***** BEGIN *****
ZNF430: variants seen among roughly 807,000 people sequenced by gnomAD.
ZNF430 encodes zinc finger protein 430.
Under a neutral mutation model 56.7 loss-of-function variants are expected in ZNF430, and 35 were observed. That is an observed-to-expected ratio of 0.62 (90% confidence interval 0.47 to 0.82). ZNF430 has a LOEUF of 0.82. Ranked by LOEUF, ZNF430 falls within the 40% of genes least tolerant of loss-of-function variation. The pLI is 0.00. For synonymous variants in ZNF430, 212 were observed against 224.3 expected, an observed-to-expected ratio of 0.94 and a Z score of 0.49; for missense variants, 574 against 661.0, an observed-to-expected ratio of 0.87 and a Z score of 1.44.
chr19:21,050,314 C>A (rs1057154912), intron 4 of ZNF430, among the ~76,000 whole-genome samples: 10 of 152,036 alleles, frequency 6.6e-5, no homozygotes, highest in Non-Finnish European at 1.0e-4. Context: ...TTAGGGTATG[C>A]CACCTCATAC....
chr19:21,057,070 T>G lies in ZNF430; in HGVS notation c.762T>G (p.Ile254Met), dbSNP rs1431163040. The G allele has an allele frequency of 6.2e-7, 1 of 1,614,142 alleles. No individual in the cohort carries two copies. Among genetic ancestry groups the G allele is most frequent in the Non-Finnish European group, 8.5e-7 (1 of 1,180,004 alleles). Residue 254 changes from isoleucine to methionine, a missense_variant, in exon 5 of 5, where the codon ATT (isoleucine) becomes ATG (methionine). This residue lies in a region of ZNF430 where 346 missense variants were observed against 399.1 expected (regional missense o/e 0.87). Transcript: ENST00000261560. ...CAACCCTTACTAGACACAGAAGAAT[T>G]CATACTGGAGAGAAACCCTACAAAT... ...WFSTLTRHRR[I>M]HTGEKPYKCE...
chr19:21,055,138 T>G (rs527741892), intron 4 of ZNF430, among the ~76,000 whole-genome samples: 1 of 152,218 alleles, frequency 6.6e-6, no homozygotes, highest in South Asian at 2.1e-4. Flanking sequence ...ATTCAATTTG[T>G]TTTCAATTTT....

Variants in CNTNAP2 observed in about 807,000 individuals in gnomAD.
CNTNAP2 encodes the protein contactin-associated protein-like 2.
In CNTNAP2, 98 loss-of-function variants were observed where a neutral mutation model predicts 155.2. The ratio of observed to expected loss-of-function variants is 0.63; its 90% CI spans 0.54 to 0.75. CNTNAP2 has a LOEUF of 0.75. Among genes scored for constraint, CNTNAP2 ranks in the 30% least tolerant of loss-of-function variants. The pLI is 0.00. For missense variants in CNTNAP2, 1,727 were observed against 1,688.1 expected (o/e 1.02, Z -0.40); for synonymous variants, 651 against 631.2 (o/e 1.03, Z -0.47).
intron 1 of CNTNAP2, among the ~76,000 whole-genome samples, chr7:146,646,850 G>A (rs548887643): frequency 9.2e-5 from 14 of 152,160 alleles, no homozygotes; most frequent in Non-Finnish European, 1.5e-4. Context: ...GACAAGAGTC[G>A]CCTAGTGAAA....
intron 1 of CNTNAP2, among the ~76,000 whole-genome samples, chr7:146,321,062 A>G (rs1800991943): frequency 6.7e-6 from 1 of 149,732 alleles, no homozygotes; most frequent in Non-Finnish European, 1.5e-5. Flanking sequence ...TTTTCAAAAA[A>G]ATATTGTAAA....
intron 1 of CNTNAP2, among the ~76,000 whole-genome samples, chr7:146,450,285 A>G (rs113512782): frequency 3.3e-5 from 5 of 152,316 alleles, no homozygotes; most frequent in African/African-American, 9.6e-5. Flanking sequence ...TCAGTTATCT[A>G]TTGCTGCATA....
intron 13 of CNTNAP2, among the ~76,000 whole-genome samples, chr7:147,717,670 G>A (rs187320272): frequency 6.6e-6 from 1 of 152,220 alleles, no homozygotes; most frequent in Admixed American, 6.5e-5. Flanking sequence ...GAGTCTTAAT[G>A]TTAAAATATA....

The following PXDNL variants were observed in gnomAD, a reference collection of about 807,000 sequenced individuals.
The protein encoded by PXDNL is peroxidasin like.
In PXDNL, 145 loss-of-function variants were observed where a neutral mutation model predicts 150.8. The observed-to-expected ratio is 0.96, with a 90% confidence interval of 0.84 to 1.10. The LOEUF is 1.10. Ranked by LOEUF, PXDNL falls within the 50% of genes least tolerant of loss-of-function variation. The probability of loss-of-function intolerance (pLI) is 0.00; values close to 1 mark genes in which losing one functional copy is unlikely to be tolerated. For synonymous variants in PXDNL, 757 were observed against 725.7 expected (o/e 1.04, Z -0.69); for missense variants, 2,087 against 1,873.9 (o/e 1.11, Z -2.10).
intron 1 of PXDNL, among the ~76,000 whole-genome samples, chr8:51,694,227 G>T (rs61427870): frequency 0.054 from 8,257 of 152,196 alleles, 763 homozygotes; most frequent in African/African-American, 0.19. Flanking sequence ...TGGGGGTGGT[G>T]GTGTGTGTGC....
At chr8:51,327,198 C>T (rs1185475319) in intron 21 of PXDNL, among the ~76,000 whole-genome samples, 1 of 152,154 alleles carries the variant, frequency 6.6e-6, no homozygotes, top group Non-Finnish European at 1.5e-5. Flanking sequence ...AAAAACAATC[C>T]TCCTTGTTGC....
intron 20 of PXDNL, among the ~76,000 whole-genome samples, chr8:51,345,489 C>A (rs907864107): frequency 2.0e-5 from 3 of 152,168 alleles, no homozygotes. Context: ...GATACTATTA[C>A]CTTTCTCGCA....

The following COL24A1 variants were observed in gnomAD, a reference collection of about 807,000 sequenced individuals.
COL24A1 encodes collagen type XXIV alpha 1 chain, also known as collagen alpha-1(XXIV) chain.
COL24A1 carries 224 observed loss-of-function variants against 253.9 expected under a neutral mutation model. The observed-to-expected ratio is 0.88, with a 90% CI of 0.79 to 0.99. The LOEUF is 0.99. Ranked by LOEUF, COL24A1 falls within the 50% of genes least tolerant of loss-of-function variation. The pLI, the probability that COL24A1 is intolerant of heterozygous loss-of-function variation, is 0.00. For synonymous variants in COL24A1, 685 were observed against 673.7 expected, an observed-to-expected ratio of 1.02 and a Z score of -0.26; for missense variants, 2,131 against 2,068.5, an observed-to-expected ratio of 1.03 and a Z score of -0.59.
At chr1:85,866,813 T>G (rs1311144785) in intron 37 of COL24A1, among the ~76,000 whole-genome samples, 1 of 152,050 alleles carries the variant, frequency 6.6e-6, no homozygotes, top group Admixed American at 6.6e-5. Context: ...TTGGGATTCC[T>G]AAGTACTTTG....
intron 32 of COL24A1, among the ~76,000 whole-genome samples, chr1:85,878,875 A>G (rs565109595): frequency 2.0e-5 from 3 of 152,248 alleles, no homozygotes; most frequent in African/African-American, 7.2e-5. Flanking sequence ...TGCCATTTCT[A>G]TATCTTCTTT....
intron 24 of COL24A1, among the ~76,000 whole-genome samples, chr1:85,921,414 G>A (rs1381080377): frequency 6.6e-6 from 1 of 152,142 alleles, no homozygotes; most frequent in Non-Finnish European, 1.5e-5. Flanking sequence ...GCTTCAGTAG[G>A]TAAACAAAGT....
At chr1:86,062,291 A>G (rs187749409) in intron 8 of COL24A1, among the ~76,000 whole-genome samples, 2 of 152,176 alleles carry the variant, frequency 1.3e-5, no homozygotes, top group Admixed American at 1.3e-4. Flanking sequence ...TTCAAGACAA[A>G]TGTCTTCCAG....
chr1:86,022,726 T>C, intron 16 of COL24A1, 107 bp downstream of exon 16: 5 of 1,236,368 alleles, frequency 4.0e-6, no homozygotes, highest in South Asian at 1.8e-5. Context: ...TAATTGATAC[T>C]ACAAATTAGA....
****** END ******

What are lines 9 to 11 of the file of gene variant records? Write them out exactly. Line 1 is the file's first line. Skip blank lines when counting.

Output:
In CNTNAP2, 98 loss-of-function variants were observed where a neutral mutation model predicts 155.2. The ratio of observed to expected loss-of-function variants is 0.63; its 90% CI spans 0.54 to 0.75. CNTNAP2 has a LOEUF of 0.75. Among genes scored for constraint, CNTNAP2 ranks in the 30% least tolerant of loss-of-function variants. The pLI is 0.00. For missense variants in CNTNAP2, 1,727 were observed against 1,688.1 expected (o/e 1.02, Z -0.40); for synonymous variants, 651 against 631.2 (o/e 1.03, Z -0.47).
intron 1 of CNTNAP2, among the ~76,000 whole-genome samples, chr7:146,646,850 G>A (rs548887643): frequency 9.2e-5 from 14 of 152,160 alleles, no homozygotes; most frequent in Non-Finnish European, 1.5e-4. Context: ...GACAAGAGTC[G>A]CCTAGTGAAA....
intron 1 of CNTNAP2, among the ~76,000 whole-genome samples, chr7:146,321,062 A>G (rs1800991943): frequency 6.7e-6 from 1 of 149,732 alleles, no homozygotes; most frequent in Non-Finnish European, 1.5e-5. Flanking sequence ...TTTTCAAAAA[A>G]ATATTGTAAA....